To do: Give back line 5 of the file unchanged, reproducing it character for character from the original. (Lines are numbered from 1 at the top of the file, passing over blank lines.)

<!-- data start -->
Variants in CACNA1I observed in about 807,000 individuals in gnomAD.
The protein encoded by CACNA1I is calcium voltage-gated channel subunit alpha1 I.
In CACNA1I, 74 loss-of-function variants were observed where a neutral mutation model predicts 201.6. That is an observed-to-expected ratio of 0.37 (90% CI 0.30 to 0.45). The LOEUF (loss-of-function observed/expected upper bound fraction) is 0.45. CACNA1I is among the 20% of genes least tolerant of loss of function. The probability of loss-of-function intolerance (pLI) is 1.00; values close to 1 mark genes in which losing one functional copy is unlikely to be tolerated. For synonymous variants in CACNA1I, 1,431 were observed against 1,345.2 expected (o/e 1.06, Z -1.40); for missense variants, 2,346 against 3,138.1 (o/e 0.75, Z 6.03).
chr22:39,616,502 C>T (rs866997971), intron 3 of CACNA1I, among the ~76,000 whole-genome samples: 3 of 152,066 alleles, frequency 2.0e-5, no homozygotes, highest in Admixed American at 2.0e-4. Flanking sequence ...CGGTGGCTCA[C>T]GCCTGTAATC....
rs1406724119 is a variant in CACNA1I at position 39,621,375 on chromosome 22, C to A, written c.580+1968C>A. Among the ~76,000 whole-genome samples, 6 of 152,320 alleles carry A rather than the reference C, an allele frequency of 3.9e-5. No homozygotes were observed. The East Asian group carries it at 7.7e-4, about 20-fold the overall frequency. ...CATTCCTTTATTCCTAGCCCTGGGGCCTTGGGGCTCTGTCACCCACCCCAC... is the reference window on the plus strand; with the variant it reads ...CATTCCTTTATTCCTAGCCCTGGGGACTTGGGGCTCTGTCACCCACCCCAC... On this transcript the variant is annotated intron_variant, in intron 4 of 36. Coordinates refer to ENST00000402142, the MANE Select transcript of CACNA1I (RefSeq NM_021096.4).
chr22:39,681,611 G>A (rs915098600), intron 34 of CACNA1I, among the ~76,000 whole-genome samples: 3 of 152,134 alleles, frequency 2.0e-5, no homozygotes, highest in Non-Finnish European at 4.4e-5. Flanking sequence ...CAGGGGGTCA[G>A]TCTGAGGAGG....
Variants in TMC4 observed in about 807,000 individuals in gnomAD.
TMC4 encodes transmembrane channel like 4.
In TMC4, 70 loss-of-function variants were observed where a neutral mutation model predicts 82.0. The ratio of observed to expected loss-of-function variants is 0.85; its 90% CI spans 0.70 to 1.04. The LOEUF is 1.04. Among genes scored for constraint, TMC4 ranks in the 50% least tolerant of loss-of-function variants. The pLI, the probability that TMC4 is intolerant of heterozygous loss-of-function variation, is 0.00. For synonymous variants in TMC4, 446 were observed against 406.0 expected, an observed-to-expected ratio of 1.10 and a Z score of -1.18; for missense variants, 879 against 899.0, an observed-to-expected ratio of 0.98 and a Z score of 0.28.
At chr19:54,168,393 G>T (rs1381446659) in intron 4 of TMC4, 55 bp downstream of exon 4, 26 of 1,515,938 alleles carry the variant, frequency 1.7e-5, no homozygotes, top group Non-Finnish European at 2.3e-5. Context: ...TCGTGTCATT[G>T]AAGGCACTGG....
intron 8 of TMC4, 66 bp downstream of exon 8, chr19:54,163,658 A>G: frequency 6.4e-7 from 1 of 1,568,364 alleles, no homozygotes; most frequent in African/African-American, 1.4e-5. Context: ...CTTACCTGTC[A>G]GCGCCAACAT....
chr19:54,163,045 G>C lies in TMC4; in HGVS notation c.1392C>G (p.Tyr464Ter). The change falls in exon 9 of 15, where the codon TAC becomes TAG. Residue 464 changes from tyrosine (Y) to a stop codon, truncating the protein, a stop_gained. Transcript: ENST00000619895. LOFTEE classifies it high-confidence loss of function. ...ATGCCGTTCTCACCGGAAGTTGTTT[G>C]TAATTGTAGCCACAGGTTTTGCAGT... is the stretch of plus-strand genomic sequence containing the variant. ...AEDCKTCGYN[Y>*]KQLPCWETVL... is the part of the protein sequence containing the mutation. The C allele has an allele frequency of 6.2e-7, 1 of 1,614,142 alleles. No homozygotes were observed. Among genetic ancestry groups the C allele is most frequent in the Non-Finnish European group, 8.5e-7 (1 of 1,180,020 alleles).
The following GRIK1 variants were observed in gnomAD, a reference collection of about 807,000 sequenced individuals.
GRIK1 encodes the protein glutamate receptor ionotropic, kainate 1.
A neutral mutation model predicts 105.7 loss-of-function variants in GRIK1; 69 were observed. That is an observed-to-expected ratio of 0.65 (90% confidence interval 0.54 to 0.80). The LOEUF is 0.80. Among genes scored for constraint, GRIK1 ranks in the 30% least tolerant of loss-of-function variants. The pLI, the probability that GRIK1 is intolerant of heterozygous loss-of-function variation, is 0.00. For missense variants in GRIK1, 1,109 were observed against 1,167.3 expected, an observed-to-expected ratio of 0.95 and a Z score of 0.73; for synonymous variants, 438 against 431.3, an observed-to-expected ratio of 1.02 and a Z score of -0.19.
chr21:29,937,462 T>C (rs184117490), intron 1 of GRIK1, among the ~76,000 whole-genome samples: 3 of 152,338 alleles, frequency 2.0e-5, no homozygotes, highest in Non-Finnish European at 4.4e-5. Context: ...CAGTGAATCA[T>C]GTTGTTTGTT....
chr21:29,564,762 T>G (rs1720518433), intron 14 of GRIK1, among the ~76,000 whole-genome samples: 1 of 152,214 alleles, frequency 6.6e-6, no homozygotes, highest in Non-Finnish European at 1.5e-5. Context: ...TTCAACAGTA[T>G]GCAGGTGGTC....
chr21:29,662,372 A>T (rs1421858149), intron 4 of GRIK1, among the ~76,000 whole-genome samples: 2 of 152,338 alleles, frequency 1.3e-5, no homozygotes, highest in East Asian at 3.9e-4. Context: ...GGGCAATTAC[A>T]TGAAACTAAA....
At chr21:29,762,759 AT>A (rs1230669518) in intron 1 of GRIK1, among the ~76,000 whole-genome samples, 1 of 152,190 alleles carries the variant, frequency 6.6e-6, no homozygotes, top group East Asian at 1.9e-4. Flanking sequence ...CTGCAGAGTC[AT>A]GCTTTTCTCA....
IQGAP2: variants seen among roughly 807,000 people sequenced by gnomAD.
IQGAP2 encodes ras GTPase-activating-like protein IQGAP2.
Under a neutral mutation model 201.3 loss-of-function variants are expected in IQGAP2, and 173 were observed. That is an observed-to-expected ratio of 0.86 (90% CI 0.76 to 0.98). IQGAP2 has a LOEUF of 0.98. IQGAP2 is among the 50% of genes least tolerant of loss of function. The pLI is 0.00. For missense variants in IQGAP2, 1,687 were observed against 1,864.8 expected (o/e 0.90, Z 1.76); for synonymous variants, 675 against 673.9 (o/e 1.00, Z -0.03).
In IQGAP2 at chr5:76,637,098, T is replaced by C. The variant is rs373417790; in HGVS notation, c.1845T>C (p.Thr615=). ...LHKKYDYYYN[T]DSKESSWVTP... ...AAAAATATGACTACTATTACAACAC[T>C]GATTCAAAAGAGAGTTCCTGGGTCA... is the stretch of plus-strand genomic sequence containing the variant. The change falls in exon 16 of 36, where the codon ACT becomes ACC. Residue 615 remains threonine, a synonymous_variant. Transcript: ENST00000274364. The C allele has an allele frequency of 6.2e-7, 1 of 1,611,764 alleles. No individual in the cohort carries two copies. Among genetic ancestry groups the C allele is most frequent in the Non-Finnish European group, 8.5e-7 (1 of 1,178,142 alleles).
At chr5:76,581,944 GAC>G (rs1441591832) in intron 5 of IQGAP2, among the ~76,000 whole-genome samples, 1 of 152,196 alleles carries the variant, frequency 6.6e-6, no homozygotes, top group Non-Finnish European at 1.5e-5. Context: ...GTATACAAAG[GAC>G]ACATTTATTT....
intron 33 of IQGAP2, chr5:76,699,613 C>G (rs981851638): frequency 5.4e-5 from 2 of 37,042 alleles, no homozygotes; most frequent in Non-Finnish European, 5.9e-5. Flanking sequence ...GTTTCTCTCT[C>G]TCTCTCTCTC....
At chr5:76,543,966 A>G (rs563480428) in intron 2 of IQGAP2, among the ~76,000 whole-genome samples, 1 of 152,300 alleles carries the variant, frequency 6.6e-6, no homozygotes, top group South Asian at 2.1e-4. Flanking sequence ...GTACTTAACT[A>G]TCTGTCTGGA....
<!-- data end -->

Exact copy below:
rs1406724119 is a variant in CACNA1I at position 39,621,375 on chromosome 22, C to A, written c.580+1968C>A. Among the ~76,000 whole-genome samples, 6 of 152,320 alleles carry A rather than the reference C, an allele frequency of 3.9e-5. No homozygotes were observed. The East Asian group carries it at 7.7e-4, about 20-fold the overall frequency. ...CATTCCTTTATTCCTAGCCCTGGGGCCTTGGGGCTCTGTCACCCACCCCAC... is the reference window on the plus strand; with the variant it reads ...CATTCCTTTATTCCTAGCCCTGGGGACTTGGGGCTCTGTCACCCACCCCAC... On this transcript the variant is annotated intron_variant, in intron 4 of 36. Coordinates refer to ENST00000402142, the MANE Select transcript of CACNA1I (RefSeq NM_021096.4).